infant vocalizations, father utterances, father words, contingent responses, mean length of utterances, teaching utterances, transcriptions
Data for this study were derived from videotapes of 26 father-infant dyads, specifically from a five minute period of free-play. The first step was the creation of a literal transcription of the father-infant dyads interaction. Subsequently, nine variables of fathers' language characteristics and one infant characteristic were coded employing the literal transcriptions and observing the videotapes. The fathers' language variables were number of : (1) father utterances, (2) father words, (3) father contingent responses, (4) father teaching utterances, (5) father descriptive teaching utterances, (6) father directive teaching utterances - making commands, (7) father directive teaching utterance - asking questions, (8) percentage of father teaching utterances, and (9) mean length of father utterances (MLU). The infant variable was number of vocalizations. Eight out of the nine variables were positively correlated to infant vocalizations, indicating the importance of fathers input in child language development. The only negative correlation in the present study was between Mean Length of Utterance (MLU) and infant vocalizations and the possible reasons are discussed. The findings support the idea that there are positive relationships between fathers' language characteristics and infant vocalizations. Recommendations are made that fathers should be involved in early intervention programs.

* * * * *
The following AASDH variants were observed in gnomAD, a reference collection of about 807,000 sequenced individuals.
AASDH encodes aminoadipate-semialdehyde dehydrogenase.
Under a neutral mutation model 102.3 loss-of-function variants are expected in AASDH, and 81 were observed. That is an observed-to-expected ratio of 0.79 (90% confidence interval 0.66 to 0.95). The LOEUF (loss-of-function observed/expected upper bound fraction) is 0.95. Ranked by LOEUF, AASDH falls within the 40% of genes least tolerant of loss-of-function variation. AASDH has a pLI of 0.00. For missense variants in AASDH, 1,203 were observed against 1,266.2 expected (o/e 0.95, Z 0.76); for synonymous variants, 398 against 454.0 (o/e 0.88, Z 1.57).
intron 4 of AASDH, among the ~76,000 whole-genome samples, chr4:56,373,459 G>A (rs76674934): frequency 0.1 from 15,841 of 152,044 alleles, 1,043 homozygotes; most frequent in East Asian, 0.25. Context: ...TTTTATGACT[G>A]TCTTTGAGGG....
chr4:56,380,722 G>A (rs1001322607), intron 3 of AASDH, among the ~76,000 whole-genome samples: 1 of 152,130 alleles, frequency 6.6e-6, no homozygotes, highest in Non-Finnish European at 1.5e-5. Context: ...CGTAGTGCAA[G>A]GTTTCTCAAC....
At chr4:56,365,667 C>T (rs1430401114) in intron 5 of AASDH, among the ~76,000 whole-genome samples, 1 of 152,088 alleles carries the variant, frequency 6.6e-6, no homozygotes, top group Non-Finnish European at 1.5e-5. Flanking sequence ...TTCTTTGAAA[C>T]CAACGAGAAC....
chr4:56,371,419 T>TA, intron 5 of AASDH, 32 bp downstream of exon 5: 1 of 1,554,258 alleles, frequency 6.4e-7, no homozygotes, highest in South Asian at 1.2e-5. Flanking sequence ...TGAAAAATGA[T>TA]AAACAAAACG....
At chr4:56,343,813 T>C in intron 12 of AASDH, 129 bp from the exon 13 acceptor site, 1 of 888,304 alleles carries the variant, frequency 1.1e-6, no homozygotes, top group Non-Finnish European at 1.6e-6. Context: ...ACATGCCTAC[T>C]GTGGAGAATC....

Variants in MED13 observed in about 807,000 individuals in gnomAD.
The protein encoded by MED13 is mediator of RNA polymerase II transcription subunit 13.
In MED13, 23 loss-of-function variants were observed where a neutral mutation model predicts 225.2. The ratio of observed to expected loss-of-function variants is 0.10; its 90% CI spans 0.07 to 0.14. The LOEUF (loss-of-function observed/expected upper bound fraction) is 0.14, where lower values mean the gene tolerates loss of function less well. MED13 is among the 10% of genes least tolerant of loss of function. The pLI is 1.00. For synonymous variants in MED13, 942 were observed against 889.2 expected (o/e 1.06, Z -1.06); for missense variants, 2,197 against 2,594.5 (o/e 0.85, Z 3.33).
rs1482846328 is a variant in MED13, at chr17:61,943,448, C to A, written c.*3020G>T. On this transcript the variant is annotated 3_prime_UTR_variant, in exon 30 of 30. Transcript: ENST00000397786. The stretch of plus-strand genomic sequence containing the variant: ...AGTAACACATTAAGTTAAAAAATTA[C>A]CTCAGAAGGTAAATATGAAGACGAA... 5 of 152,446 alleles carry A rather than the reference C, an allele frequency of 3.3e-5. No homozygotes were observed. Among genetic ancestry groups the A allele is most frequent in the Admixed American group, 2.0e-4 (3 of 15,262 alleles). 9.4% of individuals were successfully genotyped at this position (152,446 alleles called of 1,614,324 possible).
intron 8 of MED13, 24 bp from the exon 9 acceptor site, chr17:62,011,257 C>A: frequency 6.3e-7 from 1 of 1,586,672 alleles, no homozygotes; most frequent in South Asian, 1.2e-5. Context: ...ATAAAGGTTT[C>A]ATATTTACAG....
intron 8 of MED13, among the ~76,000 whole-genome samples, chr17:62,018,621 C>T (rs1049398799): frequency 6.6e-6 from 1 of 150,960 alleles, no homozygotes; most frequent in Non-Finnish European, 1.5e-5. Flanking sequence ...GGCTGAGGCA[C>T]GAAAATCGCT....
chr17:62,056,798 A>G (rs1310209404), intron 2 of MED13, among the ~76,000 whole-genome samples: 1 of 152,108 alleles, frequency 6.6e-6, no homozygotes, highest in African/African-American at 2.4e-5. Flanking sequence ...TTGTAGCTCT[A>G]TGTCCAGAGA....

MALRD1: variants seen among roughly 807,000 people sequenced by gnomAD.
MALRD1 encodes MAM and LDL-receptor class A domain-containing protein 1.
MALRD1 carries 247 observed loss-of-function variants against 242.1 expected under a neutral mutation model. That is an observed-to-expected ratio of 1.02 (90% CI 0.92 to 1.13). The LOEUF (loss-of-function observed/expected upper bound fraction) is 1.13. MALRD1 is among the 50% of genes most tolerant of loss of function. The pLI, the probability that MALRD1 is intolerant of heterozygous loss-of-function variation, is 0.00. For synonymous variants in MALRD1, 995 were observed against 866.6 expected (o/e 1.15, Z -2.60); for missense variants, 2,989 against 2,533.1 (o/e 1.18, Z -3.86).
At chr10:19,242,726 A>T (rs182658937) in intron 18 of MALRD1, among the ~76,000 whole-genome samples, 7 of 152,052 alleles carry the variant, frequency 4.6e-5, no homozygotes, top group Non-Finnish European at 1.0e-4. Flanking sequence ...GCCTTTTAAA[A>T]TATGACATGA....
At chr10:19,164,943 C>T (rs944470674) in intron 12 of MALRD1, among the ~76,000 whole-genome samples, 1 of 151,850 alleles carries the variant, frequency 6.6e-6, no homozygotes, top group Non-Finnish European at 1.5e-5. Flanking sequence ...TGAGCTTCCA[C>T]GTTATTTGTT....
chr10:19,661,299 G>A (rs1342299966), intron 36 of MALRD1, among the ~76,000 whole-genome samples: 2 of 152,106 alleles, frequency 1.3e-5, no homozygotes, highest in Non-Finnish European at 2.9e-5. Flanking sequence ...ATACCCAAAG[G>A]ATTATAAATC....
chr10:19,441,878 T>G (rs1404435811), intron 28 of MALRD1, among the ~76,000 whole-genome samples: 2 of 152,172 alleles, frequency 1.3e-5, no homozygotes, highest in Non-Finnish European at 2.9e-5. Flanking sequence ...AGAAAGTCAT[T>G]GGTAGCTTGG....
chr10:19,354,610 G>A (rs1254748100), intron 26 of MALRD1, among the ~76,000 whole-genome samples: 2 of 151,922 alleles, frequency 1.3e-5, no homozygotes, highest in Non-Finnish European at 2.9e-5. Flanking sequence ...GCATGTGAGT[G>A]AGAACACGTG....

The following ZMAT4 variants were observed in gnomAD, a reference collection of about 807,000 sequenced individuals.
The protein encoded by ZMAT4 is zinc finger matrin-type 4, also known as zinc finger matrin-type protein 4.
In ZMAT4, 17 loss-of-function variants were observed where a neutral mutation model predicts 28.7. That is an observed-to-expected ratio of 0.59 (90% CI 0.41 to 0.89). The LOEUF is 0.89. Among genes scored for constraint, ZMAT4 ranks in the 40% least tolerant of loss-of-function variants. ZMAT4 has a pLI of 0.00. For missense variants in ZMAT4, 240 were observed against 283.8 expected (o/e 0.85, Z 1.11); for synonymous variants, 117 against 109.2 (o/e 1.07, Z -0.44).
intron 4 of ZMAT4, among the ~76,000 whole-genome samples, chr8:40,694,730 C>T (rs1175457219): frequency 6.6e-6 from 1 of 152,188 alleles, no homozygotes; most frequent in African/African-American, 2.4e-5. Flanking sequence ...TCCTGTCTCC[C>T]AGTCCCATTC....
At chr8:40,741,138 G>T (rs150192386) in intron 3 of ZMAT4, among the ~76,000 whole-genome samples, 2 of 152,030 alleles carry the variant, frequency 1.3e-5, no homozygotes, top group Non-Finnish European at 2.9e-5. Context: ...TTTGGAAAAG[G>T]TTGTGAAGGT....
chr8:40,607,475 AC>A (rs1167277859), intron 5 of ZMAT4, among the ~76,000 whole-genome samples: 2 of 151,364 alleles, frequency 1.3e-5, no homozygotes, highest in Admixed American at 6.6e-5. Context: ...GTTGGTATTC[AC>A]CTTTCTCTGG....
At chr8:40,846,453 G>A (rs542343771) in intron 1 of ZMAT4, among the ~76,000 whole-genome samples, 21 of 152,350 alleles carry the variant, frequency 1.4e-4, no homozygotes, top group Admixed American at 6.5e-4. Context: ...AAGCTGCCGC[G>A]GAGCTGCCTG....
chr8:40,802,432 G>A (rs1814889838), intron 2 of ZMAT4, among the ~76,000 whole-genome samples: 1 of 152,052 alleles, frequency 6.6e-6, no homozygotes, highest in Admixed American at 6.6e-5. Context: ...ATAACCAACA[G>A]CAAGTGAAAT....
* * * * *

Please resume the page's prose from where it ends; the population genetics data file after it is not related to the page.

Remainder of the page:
Master of Science (M.S.)
College of Education
Child, Family and Community Sciences
Early Childhood Development and Education
Length of Campus-only Access
Masters Thesis (Open Access)
Xia, Lu, "Fathers' Language Influence On Their Six-month-old Infants' Vocalization During Free-play" (2010). Electronic Theses and Dissertations. 4356.